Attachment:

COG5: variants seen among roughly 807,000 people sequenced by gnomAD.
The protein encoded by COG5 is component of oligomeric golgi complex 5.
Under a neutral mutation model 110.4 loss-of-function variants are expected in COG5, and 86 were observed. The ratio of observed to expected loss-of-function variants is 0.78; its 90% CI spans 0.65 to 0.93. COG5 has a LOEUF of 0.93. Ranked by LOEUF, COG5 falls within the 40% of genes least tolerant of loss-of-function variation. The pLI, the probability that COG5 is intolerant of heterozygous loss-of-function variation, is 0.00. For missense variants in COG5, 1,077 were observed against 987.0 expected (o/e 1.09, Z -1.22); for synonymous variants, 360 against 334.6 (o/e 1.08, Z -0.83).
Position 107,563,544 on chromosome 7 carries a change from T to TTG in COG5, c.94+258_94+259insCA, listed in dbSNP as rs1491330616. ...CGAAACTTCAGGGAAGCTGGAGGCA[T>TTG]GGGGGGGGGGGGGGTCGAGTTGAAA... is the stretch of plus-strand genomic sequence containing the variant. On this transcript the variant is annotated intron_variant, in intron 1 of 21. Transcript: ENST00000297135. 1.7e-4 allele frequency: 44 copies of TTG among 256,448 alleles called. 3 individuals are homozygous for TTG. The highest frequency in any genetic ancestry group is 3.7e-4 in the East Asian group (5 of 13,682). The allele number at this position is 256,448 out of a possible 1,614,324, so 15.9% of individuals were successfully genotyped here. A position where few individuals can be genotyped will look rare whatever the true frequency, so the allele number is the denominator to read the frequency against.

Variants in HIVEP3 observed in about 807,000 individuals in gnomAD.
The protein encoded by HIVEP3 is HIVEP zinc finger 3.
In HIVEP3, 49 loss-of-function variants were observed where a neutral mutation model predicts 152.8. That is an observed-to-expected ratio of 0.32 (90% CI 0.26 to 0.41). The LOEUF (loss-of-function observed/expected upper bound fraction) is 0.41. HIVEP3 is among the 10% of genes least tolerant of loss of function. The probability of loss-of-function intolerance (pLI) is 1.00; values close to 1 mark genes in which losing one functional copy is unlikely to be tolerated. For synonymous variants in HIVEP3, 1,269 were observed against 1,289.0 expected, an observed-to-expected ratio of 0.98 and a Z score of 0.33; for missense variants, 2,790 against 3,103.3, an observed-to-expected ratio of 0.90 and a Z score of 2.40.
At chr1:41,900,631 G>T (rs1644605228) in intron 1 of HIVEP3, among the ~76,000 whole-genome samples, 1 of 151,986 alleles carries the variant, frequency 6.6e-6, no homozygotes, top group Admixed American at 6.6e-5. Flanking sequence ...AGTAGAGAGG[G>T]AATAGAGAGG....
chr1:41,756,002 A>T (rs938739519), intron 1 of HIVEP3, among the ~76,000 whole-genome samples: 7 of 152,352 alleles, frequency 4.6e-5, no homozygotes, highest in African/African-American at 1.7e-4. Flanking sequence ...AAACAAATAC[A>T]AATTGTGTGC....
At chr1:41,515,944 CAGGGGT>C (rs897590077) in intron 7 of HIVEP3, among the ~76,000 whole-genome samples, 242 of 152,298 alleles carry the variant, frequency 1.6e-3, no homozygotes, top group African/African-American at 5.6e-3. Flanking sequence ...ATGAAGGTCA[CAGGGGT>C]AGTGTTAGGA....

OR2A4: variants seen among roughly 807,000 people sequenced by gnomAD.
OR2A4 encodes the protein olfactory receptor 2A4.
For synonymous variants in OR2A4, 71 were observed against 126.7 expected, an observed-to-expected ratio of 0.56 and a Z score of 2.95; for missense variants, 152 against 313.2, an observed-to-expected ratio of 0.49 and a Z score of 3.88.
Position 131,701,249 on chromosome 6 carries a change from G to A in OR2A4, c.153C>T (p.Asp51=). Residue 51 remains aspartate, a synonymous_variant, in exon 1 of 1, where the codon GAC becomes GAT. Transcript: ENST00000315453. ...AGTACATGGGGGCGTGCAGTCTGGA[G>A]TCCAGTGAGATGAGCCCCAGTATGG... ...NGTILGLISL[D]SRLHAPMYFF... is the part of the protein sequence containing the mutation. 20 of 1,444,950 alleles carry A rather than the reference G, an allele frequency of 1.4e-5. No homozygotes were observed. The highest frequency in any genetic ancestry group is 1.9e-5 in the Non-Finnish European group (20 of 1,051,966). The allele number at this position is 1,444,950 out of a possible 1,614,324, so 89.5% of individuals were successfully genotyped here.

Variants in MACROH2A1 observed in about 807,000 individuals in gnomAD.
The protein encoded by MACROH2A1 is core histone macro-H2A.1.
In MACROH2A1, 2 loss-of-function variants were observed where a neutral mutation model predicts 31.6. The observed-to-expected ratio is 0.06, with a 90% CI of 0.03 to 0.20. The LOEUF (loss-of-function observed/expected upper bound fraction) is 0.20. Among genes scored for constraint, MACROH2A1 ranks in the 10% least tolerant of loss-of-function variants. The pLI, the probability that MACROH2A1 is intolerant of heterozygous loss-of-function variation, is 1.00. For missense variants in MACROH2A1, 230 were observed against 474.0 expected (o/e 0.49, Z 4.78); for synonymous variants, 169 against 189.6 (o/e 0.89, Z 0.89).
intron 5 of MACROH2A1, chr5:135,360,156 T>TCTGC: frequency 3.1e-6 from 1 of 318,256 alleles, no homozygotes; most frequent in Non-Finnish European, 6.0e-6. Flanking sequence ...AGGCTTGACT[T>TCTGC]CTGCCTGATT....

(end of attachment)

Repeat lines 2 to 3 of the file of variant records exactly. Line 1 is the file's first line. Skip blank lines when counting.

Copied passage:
The protein encoded by COG5 is component of oligomeric golgi complex 5.
Under a neutral mutation model 110.4 loss-of-function variants are expected in COG5, and 86 were observed. The ratio of observed to expected loss-of-function variants is 0.78; its 90% CI spans 0.65 to 0.93. COG5 has a LOEUF of 0.93. Ranked by LOEUF, COG5 falls within the 40% of genes least tolerant of loss-of-function variation. The pLI, the probability that COG5 is intolerant of heterozygous loss-of-function variation, is 0.00. For missense variants in COG5, 1,077 were observed against 987.0 expected (o/e 1.09, Z -1.22); for synonymous variants, 360 against 334.6 (o/e 1.08, Z -0.83).